can envisage the rough size of the Lumber Wizard III, perhaps slightly
smaller. It looks quite similar in shape as well.
It weighs 13 ounces, which is roughly 368 grams, so it is extremely
light and didn't cause any fatigue in the hand, arm or wrist when
scanning over extended periods of time. It's lightweight is especially
handy if you need to use it overhead, for detecting metal in structure
work if you were renovating, as an example... or scanning the kids as they
walk through the door for items they shouldn't be carrying! Just joking...
The unit runs off a single 9 volt square battery, and the manufacturers
claim a quality 9V battery will last 40 hours of operating time. I don't
think I have used it for 40 hours as yet, probably only 7 or 8 in total
(40 hours of usage time is a lot of time scanning!) so I cannot verify
that but I am still on my first 9V battery and they don't cost a lot. I
actually have a rechargeable 9V so its even more cost effective to operate
the Lumber Wizard III. When your battery does start to run out however,
the unit does feature some indicators and warnings (changes to light
flashes and audible sounds in use) to let you know you might soon need to
throw in a new, or freshly charged battery. I'll certainly verify this
when my rechargeable battery runs low at a later date and amend this
review. Let it be known that the vibration function will consume more
battery power and hence decrease battery life when this function is used
Before first use, you need to calibrate the wand, and you may need to
check calibration every month or so to ensure the machine is working well,
particularly if you live in areas that experience large swings in
temperature or humidity as these can affect the LW III's performance. This
takes about 10 seconds and involves making sure the unit is well away from
any metal. You simply turn on the unit and turn the adjustment screw
slowly until the continuous sound just stops. Out of the box, I found my
unit was adjusted very precisely and worked well with no tweaking,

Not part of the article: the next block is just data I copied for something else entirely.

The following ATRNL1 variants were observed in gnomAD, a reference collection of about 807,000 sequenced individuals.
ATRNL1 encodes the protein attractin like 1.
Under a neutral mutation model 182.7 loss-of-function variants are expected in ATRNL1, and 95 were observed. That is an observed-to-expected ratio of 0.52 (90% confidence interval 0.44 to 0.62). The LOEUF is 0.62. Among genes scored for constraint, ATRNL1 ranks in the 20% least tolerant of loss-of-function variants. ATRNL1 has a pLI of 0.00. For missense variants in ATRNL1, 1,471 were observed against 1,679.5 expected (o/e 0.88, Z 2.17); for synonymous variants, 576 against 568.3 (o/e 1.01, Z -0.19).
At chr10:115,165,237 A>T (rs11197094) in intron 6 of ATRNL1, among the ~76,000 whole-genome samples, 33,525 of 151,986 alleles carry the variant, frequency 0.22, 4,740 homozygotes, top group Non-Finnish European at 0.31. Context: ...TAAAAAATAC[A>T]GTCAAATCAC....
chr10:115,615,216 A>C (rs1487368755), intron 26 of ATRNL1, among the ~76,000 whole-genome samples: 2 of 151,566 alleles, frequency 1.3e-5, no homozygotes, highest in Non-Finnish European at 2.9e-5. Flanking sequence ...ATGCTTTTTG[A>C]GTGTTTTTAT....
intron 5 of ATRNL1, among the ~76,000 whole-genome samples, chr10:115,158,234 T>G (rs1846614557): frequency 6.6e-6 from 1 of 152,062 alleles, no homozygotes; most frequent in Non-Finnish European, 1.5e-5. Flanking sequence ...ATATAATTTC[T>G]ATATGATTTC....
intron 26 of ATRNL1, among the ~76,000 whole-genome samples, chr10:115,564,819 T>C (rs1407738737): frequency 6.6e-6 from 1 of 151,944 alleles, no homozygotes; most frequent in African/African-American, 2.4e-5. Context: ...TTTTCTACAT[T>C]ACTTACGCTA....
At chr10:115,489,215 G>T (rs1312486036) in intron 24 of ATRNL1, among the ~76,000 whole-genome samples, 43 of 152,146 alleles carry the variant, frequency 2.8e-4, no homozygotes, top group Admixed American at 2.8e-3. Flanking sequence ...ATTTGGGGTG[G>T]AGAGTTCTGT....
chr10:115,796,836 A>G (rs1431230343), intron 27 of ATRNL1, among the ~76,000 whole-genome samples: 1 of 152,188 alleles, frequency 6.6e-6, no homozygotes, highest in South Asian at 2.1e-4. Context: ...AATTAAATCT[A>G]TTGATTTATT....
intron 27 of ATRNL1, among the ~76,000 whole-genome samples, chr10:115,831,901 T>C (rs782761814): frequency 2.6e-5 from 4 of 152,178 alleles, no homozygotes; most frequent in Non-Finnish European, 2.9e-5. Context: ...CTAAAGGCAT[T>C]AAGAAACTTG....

although you should check yours before you use it to make sure it is
operating optimally. The unit uses an automatic tuning transmit/receive
circuit. It is designed to provide a precision detection pattern that
helps eliminate errors or false alarms in use.
Sound and Vibration
When the Lumber Wizard has detected the presence of metal, it emits a
continuous tone sound. There is no volume control, but it should certainly
be audible for most woodworkers. More expensive detectors may have a
varying tone that gets louder or more intense as the wands goes over the
top of the metal object. This is useful for pinpointing the location of
the item easier, however, I found I haven't had any major dramas with the
lack of this feature on the Lumber Wizard. In most cases there is going to
be an entry mark where the foreign metal material has penetrated the wood,
so that provides a pretty good clue as to where the metal is located.
There is a simple on/off push button to turn the sound on or off. If
you have hearing problems or are working in a noisy environment, the
Lumber Wizard has a backup feature that solves that problem. The unit can
be set to vibrate when it detects metal. The vibration is well measured
and not too overpowering, but not too soft that it is difficult to feel.
This feature can also be turned on or off as required. You can use the
tool without sound or vibration turned on. In this instance, a red led
light will illuminate when metal is detected. I recommend having at least
the sound or vibration option switched on as well to ensure you do not
miss that tiny bit of metal buried deep down in the lumber just waiting to
attack your blades! I find I use the sound feature almost exclusively,
except late at night when I'm organizing my lumber for the next day and
want to scan over it while the kids and SWMBO are asleep. The vibration